2. Overemphasis on technology
Whenever a new development occurs in organizational thinking and it catches on, there are soon to be seen swarms of vendors who claim, with varying levels of authority, to be able to make tangible these ideas through technology. Why would knowledge management be an exception to this practice? Especially since there is a rich and fascinating history of attempts to codify knowledge through A.1., expert and other systems. However, knowledge, per se, remains a stubbornly human attribute that tends to resist capture. Technology is often better used as a connector for knowledge rather than a capturer. In any case, when a knowledge project spends over half its resources on IT, it is no longer a knowledge project. It becomes an IT project.
3. Conflating knowledge, information and data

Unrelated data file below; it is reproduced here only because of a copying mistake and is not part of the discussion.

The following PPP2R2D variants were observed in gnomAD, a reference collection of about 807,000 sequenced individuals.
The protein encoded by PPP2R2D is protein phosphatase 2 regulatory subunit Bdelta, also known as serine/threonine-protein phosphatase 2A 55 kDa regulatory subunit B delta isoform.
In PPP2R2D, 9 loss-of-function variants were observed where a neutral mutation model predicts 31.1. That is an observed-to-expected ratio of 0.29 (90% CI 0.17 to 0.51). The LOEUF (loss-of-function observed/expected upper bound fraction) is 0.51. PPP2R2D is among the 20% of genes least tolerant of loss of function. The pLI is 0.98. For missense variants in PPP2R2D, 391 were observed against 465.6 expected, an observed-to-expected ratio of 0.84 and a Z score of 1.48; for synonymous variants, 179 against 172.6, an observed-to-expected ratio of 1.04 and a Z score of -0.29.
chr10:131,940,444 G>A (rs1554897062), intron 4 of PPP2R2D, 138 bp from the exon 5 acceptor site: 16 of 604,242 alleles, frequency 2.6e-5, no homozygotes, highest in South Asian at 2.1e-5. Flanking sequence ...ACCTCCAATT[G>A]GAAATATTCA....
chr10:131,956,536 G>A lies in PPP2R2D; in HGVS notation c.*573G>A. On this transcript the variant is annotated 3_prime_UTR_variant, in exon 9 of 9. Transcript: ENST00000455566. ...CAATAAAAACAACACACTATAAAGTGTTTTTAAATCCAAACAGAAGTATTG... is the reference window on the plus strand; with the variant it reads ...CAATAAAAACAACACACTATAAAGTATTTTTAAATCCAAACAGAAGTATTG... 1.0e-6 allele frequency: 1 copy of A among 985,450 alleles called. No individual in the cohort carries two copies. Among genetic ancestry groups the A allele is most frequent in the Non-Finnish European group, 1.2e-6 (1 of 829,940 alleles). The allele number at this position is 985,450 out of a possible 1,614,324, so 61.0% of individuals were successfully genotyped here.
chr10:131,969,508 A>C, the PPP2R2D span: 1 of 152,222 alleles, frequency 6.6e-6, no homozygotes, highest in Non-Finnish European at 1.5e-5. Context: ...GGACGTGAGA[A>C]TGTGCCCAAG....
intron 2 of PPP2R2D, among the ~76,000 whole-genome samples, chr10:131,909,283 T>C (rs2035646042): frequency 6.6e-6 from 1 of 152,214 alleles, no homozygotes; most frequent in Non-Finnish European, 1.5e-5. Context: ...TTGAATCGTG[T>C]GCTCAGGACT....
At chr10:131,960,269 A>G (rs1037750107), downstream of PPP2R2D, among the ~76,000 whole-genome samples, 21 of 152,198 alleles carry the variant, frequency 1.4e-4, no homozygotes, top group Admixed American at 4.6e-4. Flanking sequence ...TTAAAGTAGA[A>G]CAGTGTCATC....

Many executives, impatient with too subtle definitions, tend to lump all three of these categories together. This merging allows firms to consider SAP or Data Warehouse projects to be considered knowledge efforts and gets executives off the hook from having to focus on what people actually know. No rational observer would dispute that an organization needs to manage data, information and knowledge in order to function. But these are separate things needing different approaches, tools and measures to manage well. The world knows well how to manage data (best understood as records of transactions) and information (understood as messages), but is just beginning to understand what to do with knowledge processes and stocks. However, this provides a poor excuse to justify saying 'It's all the same.'